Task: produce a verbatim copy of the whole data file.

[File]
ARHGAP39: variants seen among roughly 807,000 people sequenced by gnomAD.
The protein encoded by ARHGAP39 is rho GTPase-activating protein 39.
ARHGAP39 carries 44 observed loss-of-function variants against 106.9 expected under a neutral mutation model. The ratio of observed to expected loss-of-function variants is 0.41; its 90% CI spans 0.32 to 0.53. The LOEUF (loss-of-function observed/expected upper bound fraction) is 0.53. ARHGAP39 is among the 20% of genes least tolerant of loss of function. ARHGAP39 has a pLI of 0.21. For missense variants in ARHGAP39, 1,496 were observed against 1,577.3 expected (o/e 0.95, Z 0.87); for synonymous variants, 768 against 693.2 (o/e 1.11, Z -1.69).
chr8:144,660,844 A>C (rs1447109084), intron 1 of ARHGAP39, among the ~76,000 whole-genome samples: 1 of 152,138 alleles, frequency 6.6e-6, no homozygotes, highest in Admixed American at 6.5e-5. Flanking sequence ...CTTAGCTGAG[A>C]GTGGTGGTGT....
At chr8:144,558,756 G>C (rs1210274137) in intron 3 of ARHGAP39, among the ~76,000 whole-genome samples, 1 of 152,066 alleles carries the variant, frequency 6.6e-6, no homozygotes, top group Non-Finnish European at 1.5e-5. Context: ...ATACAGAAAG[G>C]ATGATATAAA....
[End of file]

ARHGAP39: variants seen among roughly 807,000 people sequenced by gnomAD.
The protein encoded by ARHGAP39 is rho GTPase-activating protein 39.
ARHGAP39 carries 44 observed loss-of-function variants against 106.9 expected under a neutral mutation model. The ratio of observed to expected loss-of-function variants is 0.41; its 90% CI spans 0.32 to 0.53. The LOEUF (loss-of-function observed/expected upper bound fraction) is 0.53. ARHGAP39 is among the 20% of genes least tolerant of loss of function. ARHGAP39 has a pLI of 0.21. For missense variants in ARHGAP39, 1,496 were observed against 1,577.3 expected (o/e 0.95, Z 0.87); for synonymous variants, 768 against 693.2 (o/e 1.11, Z -1.69).
chr8:144,660,844 A>C (rs1447109084), intron 1 of ARHGAP39, among the ~76,000 whole-genome samples: 1 of 152,138 alleles, frequency 6.6e-6, no homozygotes, highest in Admixed American at 6.5e-5. Flanking sequence ...CTTAGCTGAG[A>C]GTGGTGGTGT....
At chr8:144,558,756 G>C (rs1210274137) in intron 3 of ARHGAP39, among the ~76,000 whole-genome samples, 1 of 152,066 alleles carries the variant, frequency 6.6e-6, no homozygotes, top group Non-Finnish European at 1.5e-5. Context: ...ATACAGAAAG[G>C]ATGATATAAA....